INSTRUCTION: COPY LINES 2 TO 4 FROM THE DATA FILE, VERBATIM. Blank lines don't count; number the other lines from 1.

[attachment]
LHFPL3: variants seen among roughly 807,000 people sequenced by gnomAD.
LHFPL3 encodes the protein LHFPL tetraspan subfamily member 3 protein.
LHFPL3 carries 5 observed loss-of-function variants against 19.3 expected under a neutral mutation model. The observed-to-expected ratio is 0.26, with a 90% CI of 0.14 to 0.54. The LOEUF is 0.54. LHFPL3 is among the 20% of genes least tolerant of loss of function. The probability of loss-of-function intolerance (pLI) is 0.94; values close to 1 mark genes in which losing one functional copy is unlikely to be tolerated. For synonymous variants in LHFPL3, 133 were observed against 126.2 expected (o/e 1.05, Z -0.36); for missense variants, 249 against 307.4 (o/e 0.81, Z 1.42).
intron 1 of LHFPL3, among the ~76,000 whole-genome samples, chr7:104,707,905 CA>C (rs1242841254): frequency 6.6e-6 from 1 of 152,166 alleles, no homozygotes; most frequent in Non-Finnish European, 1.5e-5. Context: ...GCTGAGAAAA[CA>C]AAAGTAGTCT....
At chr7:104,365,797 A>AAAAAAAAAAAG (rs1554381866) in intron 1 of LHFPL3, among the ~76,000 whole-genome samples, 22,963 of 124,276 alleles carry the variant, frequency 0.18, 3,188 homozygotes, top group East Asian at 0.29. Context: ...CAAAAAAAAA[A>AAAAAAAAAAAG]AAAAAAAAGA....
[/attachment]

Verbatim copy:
LHFPL3 encodes the protein LHFPL tetraspan subfamily member 3 protein.
LHFPL3 carries 5 observed loss-of-function variants against 19.3 expected under a neutral mutation model. The observed-to-expected ratio is 0.26, with a 90% CI of 0.14 to 0.54. The LOEUF is 0.54. LHFPL3 is among the 20% of genes least tolerant of loss of function. The probability of loss-of-function intolerance (pLI) is 0.94; values close to 1 mark genes in which losing one functional copy is unlikely to be tolerated. For synonymous variants in LHFPL3, 133 were observed against 126.2 expected (o/e 1.05, Z -0.36); for missense variants, 249 against 307.4 (o/e 0.81, Z 1.42).
intron 1 of LHFPL3, among the ~76,000 whole-genome samples, chr7:104,707,905 CA>C (rs1242841254): frequency 6.6e-6 from 1 of 152,166 alleles, no homozygotes; most frequent in Non-Finnish European, 1.5e-5. Context: ...GCTGAGAAAA[CA>C]AAAGTAGTCT....